Questions and Answers
Q1 There are a lot of larger Victorian and Edwardian properties in Acocks Green which lend themselves to a variety of uses. in recent years there has been much discussion in regard to the preservation of roads as residential roads. A recent decision on a planning application (see this link) gives some support to the idea that residential roads should where possible be retained as such in order to help preserve the community atmosphere of the neighbourhood. This issue becomes even more pressing in regard to applications to turn larger properties into what is technically known as ‘C2’ (Residential Home) accommodation. What is your view both on the general preservation of residential roads as such, and in particular on the clustering of a number of C2s in a small area, which because usually Victorian/Edwardian, will often be part of the proposed Conservation Area as well.
A I believe that it is important to preserve the atmosphere and community spirit of our residential areas. It is true to say that a large concentration of residential homes or HMOs can permanently alter the atmosphere of an area and even cause issues around parking and noise pollution. The provision of residential care within our community is vitally important and it is better to have a building in use than potentially neglected or even falling into dereliction. Having said that every planning application needs to be viewed on it’s own merits, bearing in mind the circumstances and situation. One of the things taken into consideration certainly should be the mix of current property uses on a street to ensure the balance is maintained and our neighbourhoods are preserved as far as possible.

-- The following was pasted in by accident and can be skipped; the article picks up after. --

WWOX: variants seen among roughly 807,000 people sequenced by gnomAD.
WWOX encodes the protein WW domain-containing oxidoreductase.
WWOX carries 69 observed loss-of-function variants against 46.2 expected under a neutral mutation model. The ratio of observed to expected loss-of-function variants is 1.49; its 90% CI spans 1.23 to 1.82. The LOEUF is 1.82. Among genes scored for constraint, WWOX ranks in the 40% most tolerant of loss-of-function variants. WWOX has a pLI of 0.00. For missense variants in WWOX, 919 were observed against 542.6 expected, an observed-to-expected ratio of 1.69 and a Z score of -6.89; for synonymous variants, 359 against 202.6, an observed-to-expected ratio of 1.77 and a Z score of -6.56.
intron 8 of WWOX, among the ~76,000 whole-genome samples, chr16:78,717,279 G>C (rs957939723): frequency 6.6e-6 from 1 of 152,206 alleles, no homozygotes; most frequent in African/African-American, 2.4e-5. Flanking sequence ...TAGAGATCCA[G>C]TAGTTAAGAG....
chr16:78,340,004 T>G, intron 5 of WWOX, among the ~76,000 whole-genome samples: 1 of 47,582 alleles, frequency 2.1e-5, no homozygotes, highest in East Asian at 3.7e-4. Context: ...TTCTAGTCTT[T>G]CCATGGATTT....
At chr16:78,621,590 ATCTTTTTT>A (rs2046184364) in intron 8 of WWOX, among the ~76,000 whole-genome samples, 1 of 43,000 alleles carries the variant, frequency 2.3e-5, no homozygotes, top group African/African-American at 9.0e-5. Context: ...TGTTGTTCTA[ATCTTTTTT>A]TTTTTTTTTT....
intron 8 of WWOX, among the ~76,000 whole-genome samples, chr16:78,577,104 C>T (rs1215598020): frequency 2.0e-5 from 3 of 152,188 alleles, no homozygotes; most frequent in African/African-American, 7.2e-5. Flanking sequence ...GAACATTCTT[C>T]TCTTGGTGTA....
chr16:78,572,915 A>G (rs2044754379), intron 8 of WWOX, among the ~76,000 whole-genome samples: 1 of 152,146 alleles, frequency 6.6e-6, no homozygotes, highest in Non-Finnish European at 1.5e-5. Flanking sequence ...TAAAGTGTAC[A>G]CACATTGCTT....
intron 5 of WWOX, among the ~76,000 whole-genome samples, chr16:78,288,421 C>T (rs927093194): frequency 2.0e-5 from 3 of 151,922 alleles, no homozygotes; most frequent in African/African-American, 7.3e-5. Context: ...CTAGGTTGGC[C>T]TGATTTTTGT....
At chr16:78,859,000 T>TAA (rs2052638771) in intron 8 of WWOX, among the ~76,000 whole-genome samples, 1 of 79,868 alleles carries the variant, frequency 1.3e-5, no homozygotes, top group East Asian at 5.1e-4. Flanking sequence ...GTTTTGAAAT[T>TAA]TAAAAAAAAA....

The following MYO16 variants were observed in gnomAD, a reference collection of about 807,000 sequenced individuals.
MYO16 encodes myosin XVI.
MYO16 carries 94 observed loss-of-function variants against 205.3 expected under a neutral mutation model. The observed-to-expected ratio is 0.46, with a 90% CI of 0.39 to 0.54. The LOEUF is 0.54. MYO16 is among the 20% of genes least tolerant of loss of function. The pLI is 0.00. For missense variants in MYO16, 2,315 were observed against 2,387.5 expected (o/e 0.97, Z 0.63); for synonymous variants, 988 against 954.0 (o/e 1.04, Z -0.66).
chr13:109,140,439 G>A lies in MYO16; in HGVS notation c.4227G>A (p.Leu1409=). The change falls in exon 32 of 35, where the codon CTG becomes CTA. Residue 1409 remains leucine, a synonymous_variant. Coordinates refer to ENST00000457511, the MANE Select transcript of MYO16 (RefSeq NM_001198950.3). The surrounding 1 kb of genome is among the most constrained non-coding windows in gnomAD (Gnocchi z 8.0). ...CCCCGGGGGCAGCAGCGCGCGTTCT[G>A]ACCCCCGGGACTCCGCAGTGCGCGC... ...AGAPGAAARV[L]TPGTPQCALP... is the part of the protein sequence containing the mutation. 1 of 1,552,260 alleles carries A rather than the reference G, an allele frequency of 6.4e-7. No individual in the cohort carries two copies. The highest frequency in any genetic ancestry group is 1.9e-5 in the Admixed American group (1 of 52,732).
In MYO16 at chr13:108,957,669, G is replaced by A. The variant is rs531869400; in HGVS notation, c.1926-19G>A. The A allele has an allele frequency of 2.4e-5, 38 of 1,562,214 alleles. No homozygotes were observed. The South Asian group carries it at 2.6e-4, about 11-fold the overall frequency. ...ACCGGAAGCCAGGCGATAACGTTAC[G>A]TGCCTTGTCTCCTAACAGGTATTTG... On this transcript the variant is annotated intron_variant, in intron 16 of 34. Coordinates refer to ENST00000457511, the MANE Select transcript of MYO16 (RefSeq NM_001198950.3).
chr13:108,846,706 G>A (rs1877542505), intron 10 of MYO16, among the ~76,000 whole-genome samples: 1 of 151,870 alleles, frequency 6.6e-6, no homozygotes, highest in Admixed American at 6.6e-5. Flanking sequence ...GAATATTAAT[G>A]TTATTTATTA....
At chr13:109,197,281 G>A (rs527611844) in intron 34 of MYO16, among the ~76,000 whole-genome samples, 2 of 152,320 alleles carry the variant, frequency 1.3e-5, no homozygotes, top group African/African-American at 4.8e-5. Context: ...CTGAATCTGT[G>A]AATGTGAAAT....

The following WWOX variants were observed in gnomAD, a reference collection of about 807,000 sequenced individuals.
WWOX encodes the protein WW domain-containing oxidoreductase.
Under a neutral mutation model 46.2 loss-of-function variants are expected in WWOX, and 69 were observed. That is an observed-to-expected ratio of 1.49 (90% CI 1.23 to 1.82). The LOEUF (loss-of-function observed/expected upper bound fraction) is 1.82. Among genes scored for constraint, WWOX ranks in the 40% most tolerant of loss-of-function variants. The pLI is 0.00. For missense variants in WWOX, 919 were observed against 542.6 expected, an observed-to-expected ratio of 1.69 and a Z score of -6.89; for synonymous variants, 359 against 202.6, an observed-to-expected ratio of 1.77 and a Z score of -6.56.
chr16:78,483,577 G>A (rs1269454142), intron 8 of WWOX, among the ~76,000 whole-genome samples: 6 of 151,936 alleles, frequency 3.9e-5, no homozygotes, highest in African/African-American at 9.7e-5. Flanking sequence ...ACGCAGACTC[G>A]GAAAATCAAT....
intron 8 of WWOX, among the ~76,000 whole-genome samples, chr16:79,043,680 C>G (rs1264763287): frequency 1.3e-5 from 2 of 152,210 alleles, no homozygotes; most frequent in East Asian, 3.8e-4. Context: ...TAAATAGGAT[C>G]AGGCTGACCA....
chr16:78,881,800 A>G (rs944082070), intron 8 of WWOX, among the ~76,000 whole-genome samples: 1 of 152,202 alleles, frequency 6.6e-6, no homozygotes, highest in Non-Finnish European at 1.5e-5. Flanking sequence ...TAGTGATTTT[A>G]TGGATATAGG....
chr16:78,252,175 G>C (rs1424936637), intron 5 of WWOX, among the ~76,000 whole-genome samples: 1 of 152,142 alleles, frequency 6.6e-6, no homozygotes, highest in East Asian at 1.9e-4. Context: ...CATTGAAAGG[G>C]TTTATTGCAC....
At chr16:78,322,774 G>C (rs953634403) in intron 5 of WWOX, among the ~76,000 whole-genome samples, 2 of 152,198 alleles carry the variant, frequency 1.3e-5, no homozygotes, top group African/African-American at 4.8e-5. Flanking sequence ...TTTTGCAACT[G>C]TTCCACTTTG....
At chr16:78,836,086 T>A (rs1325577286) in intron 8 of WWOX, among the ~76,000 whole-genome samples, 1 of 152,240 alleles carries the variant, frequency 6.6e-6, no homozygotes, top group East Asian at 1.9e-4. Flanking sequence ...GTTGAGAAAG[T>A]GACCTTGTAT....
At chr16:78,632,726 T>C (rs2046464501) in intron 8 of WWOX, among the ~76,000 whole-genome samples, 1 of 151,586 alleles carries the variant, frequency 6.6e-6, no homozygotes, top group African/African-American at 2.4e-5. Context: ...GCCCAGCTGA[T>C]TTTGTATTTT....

Q2 We are currently awaiting a decision from the Boundary Commission upon the final boundaries of Acocks Green ward. The subject generated considerable heat earlier this year. However, regardless of what decision is finally taken as to where the boundaries should lie, we will become smaller as a ward, and we will have fewer councillors handling a larger number of households. In the light of what is in effect going to be reduced involvement and support from elected representatives, what is your view on Acocks Green setting up its own parish council, and would you be willing, as a councillor, to help support this? To help you here are two links (1) from Hebden Royal Town Council and (2) Notes by David Treadwell, Chair of Acocks Green Neighbourhood Forum on parish councils